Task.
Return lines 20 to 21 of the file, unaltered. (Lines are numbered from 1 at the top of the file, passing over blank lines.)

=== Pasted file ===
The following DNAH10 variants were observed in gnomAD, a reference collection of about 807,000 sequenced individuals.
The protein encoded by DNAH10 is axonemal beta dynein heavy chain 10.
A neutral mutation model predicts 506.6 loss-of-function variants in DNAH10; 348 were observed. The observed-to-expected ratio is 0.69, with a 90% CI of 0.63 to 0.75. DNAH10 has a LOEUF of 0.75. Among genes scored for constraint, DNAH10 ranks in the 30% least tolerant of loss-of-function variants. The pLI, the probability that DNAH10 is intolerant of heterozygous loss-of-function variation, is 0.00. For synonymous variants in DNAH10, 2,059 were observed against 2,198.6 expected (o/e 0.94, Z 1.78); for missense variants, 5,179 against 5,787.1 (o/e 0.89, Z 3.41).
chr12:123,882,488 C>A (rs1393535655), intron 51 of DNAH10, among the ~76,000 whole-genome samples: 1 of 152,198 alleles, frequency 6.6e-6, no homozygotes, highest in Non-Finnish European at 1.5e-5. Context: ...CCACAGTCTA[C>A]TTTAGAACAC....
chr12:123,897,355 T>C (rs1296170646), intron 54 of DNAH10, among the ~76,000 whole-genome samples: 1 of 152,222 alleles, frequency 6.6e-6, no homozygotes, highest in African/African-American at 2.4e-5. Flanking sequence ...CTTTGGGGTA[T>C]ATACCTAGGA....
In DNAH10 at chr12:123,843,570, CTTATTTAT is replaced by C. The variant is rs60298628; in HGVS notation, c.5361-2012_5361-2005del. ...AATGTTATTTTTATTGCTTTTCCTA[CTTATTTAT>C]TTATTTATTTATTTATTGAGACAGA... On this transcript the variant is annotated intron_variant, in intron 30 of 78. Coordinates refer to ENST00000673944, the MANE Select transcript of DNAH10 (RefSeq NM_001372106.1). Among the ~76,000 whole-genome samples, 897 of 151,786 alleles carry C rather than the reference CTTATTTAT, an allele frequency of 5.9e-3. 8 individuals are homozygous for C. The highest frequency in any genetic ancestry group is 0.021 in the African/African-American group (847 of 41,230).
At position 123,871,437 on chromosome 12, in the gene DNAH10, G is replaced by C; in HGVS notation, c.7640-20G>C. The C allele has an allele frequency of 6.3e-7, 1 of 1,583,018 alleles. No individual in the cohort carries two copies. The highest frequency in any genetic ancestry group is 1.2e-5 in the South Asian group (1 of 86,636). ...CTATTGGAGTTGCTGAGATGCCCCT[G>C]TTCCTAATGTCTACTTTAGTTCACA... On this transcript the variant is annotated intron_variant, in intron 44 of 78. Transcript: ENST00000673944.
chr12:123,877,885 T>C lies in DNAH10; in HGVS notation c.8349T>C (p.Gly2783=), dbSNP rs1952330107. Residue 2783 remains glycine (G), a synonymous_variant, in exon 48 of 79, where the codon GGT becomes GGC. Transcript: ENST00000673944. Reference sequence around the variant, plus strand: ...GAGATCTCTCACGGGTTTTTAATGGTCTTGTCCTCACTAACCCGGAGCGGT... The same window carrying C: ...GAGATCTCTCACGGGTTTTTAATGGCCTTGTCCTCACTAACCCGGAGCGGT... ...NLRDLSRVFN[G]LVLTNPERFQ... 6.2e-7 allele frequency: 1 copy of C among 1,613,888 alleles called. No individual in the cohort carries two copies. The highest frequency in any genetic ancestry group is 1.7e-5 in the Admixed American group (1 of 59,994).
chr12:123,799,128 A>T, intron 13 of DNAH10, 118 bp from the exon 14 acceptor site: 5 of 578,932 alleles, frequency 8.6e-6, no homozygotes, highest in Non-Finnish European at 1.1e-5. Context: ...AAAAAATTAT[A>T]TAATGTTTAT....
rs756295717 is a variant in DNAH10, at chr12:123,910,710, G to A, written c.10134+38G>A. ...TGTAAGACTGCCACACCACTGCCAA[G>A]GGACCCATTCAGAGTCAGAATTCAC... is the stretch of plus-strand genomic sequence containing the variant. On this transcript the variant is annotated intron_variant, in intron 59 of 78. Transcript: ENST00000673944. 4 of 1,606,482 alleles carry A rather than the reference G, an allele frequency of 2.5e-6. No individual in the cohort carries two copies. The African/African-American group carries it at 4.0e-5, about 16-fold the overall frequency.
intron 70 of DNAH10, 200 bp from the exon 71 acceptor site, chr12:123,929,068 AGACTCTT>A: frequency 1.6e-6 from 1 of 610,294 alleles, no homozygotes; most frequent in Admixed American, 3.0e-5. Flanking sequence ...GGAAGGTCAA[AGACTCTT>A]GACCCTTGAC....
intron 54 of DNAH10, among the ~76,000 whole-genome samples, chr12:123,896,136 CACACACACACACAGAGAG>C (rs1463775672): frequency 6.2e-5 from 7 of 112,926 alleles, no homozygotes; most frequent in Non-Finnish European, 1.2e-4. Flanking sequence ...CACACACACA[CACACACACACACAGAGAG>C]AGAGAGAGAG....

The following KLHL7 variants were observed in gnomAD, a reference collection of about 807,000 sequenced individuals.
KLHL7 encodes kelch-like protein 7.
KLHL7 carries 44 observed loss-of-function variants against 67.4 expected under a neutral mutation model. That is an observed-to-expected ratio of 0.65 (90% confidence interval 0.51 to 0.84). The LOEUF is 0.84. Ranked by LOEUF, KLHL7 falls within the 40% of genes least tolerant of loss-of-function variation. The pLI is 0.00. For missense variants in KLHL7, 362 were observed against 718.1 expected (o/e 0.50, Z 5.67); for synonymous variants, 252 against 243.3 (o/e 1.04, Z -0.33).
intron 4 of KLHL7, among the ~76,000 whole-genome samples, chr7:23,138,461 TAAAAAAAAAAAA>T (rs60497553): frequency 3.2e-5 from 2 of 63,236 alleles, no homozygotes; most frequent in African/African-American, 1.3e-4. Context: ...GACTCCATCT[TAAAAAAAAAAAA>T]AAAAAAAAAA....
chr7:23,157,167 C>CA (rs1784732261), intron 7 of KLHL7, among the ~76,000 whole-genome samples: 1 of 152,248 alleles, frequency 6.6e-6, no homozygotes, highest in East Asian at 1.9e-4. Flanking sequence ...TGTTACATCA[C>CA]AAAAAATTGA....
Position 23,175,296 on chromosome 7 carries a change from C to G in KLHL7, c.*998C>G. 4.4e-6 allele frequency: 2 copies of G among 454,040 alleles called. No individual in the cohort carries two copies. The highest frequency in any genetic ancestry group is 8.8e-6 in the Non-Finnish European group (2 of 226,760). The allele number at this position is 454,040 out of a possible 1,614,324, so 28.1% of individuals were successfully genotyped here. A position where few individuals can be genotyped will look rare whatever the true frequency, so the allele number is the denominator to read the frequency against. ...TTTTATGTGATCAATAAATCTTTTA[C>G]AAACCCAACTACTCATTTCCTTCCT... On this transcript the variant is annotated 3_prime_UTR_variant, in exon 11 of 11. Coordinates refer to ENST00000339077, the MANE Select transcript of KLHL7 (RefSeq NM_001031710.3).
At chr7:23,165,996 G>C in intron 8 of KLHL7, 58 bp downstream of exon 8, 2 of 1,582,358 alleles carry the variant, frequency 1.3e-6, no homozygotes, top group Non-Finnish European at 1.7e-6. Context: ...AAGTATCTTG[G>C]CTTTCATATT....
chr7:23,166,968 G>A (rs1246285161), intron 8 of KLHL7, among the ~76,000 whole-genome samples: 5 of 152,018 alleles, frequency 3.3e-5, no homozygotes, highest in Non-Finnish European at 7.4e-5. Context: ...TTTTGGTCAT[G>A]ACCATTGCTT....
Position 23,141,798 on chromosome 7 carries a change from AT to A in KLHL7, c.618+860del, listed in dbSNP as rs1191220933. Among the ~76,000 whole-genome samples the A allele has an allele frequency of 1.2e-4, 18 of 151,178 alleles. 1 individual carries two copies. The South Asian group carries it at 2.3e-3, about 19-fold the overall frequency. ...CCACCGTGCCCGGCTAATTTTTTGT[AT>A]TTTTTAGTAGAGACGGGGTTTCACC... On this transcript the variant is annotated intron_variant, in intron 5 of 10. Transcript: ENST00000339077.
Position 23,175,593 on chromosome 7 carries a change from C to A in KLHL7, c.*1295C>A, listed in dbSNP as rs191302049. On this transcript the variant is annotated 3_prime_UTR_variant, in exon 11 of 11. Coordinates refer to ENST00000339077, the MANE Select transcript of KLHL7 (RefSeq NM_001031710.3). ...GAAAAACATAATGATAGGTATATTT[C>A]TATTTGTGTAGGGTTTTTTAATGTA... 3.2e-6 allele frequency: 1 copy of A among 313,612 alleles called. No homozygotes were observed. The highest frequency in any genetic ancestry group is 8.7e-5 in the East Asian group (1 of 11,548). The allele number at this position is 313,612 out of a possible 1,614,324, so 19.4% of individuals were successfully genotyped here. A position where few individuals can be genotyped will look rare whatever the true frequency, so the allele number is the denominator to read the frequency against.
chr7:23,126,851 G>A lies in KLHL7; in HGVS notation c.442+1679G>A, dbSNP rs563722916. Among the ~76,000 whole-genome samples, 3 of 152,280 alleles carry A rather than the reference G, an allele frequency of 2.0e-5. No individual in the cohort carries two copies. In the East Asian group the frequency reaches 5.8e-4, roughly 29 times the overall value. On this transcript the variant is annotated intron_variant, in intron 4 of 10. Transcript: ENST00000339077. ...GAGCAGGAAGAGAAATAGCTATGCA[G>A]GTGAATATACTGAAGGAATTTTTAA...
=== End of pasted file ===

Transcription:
chr7:23,166,968 G>A (rs1246285161), intron 8 of KLHL7, among the ~76,000 whole-genome samples: 5 of 152,018 alleles, frequency 3.3e-5, no homozygotes, highest in Non-Finnish European at 7.4e-5. Context: ...TTTTGGTCAT[G>A]ACCATTGCTT....
Position 23,141,798 on chromosome 7 carries a change from AT to A in KLHL7, c.618+860del, listed in dbSNP as rs1191220933. Among the ~76,000 whole-genome samples the A allele has an allele frequency of 1.2e-4, 18 of 151,178 alleles. 1 individual carries two copies. The South Asian group carries it at 2.3e-3, about 19-fold the overall frequency. ...CCACCGTGCCCGGCTAATTTTTTGT[AT>A]TTTTTAGTAGAGACGGGGTTTCACC... On this transcript the variant is annotated intron_variant, in intron 5 of 10. Transcript: ENST00000339077.